…is the name of the track that I am co-facilitating at NTEN’s Leading Change Summit. I’m a late addition, there to support Tracy Kronzak and Tanya Tarr. Unlike the popular Nonprofit Technology Conference, LCS (not to be confused with LSC, as the company I work for is commonly called, or LSC, my wife’s initials) is a smaller, more focused affair with three tracks: Impact Leadership, Digital Strategy, and The Future of Technology. The expectation is that attendees will pick a track and stick with it. Nine hours of interactive sessions on each topic will be followed by a day spent at the Idea Accelerator, a workshop… Read More »The Future Of Technology
This article was published on the NTEN Blog in February of 2014. It originally appeared in the eBook “Collected Voices: Data-informed Nonprofits“. Peter Campbell of Legal Services Corporation shares his biggest data fail, and what he’d do differently now. This case study was originally published along with a dozen others in our free e-book, Collected Voices: Data-Informed Nonprofits. You can download the e-book here. Note: names and dates have been omitted to protect the innocent. Years ago, I was hired at an organization that had a major database that everyone hated. My research revealed a case study in itself: how not to roll out a… Read More »Career Reflections: My Biggest Data Fail
This article was first published on the NTEN Blog in December of 2012. I think that the best thing that happened in 2012 was that some of the 2010-2011 “bleeding edge” conceptual technologies stood up and proved they weren’t fads. By Peter Campbell Nonprofit Technologist, Techcafeteria When NTEN asked me to write a “best tech of 2012” post, I struggled a bit. I could tell you about the great new iPads and Nexus tablets; the rise of the really big phones; the ascendency of Salesforce; and the boundary-breaking, non-gaming uses of MicroSoft’s Kinect. These are all significant product developments, but I think that the David Pogues and Walter Mossberg’s out there will have them covered.… Read More »Best Of 2012: Nonprofit Technology Grows Up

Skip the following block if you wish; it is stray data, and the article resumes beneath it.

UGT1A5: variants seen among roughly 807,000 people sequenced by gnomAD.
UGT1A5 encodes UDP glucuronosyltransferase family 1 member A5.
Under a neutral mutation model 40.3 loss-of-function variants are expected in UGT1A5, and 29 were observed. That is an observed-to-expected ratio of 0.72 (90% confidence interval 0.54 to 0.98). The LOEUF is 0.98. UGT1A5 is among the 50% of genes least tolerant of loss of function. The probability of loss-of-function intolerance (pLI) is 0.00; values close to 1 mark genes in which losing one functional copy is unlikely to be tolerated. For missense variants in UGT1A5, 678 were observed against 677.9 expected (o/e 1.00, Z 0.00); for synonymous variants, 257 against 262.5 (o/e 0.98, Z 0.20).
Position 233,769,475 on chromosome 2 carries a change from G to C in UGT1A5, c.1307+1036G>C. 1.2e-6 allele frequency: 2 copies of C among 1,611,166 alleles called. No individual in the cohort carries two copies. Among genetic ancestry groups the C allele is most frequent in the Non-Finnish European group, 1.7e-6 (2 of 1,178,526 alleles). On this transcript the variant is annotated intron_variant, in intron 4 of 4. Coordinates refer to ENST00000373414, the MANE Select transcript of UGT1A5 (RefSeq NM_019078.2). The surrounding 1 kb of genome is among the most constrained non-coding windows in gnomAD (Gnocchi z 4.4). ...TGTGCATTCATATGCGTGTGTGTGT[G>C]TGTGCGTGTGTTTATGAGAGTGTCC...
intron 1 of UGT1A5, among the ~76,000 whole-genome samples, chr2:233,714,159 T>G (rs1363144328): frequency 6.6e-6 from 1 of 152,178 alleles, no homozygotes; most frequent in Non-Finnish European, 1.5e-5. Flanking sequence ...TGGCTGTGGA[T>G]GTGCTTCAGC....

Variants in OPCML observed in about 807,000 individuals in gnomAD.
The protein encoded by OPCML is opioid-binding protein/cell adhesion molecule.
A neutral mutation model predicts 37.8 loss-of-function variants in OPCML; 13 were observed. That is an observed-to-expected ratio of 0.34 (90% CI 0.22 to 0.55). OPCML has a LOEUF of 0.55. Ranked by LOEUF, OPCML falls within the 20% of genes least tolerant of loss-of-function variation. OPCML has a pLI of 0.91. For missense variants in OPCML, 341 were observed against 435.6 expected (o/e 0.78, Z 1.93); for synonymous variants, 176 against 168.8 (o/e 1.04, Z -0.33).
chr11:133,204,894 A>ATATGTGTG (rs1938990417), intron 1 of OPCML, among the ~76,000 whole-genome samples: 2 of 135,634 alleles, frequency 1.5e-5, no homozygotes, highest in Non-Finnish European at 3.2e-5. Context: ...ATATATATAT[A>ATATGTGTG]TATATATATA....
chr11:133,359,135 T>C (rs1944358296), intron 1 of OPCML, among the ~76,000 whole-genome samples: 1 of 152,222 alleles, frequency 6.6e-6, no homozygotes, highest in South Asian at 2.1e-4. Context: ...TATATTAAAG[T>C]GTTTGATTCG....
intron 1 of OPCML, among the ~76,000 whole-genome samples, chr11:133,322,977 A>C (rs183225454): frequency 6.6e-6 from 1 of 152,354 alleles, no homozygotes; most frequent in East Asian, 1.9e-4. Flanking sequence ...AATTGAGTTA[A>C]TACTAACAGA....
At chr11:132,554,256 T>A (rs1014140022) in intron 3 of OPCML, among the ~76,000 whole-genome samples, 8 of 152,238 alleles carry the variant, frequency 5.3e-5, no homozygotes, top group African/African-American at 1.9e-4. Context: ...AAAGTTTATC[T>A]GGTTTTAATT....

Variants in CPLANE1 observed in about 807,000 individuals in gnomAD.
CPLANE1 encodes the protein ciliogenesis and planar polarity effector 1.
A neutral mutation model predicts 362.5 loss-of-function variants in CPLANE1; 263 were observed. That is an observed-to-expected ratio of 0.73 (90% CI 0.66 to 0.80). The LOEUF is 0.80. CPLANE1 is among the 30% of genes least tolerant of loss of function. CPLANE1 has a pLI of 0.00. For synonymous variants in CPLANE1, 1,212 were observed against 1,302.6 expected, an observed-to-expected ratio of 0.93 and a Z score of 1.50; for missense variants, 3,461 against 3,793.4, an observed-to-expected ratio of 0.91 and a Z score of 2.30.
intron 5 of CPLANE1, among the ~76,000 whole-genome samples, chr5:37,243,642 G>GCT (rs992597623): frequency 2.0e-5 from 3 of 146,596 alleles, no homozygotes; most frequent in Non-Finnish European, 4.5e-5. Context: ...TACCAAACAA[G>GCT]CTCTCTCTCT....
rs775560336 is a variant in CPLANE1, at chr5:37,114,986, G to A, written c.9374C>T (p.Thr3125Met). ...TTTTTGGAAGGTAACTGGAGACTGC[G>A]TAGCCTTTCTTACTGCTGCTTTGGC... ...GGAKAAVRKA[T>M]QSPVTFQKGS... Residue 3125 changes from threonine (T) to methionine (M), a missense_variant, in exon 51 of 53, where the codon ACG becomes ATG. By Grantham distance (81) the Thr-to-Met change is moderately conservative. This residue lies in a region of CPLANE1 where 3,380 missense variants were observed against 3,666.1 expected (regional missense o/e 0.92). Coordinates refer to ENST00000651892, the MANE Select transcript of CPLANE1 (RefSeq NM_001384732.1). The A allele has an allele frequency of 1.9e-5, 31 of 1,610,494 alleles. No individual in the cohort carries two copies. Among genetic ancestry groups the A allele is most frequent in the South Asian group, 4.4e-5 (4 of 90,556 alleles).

I’m still knocking on wood a bit, but I think it’s now safe to rep0ort that I’ll be joining Legal Services Corporation as their Chief Information Officer in January. Those of you who read my Looking For A New Job post in August know that I had some pretty strict requirements for that gig, and this one meets or exceeds them. LSC is the nonprofit that allocates federal funding to legal aid societies across the country.
NTEN‘s new issue of Change is out and I got a chance to sound off to Idealware‘s Chris Bernard about the dream of “one database to rule them all” — doing all of your organization’s Constituent Relationship Management (CRM) in a single system. My interview is on page 22, but the whole issue is a dream for NPO’s struggling with wrangling information.